researchers diving below water surfaceAquatic telemetry should be widely used to manage fisheries, set climate policy, protect species, and drive other management objectives around the world, a group of experts say in a recently published article. Photo courtesy of Jordan Matley

Researchers extoll virtues of aquatic telemetry

Using sound to track the movement of fish is a technique that should be used to better monitor ecosystems and set conservation policies globally, contends a UWindsor ecologist.

In an article published in the journal Trends in Ecology and Evolution (TREE), Aaron Fisk and co-authors note that while aquatic telemetry is widely used to track the movement of underwater animals, it’s not being used to its potential for “management-driven objectives” such as managing fisheries, setting climate policy, or protecting species.

“In addition to the need for more research with direct pertinence to management, aquatic telemetry research should prioritize ongoing efforts to create collaborative opportunities, establish long-term and ecosystem-based monitoring, and utilize technological advancements to bolster aquatic policy and ecological understanding worldwide,” the authors write.

Dr. Fisk, a professor in UWindsor’s School of the Environment and Great Lakes Institute for Environmental Research, collaborated on the article with 17 other researchers around the globe, including UWindsor alumna Natalie Klinard, a former Master’s student in Fisk’s lab, now a doctoral student at Dalhousie University in Halifax on a scholarship funded by the Natural Sciences and Engineering Council of Canada. The lead author, Jordan Matley, is a former post-doctoral fellow in Fisk’s lab now working as a professor of aquatic resources at St. Francis Xavier University in Nova Scotia.

“Movement ecology is a burgeoning field in science,” said Dr. Matley. “We were interested in knowing how well research objectives meet the management needs of aquatic animals. Ultimately, we wanted to identify where this type of research should be directed to facilitate greater understanding of the aquatic realm globally.”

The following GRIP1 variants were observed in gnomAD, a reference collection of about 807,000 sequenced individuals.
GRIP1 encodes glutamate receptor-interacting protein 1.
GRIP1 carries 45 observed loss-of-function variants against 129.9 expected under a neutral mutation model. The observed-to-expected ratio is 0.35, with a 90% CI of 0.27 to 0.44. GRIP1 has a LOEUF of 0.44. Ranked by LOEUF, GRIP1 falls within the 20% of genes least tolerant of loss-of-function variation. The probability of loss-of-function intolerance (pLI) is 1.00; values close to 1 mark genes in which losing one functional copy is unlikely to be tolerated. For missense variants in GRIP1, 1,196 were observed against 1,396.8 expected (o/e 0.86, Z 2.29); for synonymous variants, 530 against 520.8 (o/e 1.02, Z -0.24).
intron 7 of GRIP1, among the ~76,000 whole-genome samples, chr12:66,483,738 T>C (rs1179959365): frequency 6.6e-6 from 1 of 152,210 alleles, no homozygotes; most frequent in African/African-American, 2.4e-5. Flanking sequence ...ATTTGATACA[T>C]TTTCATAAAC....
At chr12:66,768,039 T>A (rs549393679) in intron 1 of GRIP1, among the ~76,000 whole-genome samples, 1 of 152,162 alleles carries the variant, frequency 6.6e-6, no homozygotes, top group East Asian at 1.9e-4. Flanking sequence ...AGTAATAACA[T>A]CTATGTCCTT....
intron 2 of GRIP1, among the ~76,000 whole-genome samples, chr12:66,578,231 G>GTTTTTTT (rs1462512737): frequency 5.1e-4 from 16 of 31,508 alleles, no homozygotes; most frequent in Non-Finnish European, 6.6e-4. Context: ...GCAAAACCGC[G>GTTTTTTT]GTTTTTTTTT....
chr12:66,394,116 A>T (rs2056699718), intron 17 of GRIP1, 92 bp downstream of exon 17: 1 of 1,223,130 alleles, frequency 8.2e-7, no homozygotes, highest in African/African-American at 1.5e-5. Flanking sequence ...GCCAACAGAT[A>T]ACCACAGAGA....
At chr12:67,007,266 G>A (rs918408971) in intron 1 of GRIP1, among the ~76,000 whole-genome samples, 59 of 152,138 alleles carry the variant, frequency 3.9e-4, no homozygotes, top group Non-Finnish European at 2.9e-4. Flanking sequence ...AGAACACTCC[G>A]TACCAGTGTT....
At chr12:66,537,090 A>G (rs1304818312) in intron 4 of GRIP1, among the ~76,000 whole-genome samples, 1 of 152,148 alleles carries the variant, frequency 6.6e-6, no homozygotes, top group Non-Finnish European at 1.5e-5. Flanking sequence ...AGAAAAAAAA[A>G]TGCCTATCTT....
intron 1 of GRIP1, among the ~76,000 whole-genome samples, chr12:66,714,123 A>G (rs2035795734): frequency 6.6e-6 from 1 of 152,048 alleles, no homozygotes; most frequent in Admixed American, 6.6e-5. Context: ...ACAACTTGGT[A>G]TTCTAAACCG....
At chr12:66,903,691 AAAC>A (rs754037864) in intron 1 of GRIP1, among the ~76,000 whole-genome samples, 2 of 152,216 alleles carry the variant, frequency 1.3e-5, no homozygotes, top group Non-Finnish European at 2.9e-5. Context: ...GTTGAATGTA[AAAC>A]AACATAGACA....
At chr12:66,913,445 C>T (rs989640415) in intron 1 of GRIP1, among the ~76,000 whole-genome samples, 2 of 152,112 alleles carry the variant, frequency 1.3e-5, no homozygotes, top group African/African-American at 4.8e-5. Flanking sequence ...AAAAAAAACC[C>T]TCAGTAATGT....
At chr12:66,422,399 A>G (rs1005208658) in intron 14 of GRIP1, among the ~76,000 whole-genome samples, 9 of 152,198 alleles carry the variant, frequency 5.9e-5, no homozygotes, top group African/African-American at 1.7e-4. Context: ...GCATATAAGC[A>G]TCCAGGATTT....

Fisk, who has been using aquatic telemetry in his research for more than a decade, said he hopes the article starts a conversation on how the technology could be used more widely.

“The article demonstrates the impact aquatic telemetry is having on research and shows how we should share expertise around the globe,” he said. “We need to be supporting research in less developed parts of the world so they can do the kind of acoustic tracking that we do here in the Great Lakes and in the Arctic.”

The research article brought together many of the world’s leading experts in aquatic ecology.

Fisk, for example holds a Tier 1 Canada Research Chair, recognition of his expertise in the research area of Great Lakes ecosystems. Under the Canada Research Chairs program, the federal government provides funding of up to $295 million each year to a cadre of researchers with the goal of propelling the nation to the forefront of research and development globally.

Other researchers who contributed to the article come from Australia, Denmark, Japan, Norway, South Africa, Spain, and the United States.

—Sarah Sacheli